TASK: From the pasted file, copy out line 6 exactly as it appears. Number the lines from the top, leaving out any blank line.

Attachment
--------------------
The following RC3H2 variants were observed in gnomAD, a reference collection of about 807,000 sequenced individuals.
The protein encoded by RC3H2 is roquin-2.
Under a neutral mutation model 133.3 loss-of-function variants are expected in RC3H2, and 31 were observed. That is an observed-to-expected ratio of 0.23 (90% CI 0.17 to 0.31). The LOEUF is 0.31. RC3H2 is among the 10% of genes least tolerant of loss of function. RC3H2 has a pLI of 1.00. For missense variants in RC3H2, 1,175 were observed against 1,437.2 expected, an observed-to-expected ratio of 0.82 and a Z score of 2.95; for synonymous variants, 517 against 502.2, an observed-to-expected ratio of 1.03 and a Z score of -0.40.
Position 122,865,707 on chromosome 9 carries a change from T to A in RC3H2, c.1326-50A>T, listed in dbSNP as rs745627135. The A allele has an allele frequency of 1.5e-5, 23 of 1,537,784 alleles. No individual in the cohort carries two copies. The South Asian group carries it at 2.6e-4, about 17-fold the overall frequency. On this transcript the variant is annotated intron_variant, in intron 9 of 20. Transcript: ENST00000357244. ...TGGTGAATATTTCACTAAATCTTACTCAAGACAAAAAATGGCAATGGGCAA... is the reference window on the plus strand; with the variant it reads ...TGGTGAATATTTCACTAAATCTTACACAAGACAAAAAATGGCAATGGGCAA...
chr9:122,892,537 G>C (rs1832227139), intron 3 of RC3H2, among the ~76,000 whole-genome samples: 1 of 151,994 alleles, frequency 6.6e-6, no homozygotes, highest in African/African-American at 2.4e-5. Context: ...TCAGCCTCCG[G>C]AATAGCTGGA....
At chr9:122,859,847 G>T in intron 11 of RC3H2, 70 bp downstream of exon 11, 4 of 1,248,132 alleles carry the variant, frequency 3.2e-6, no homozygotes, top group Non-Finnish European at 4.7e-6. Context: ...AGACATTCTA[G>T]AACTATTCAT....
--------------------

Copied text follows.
At chr9:122,859,847 G>T in intron 11 of RC3H2, 70 bp downstream of exon 11, 4 of 1,248,132 alleles carry the variant, frequency 3.2e-6, no homozygotes, top group Non-Finnish European at 4.7e-6. Context: ...AGACATTCTA[G>T]AACTATTCAT....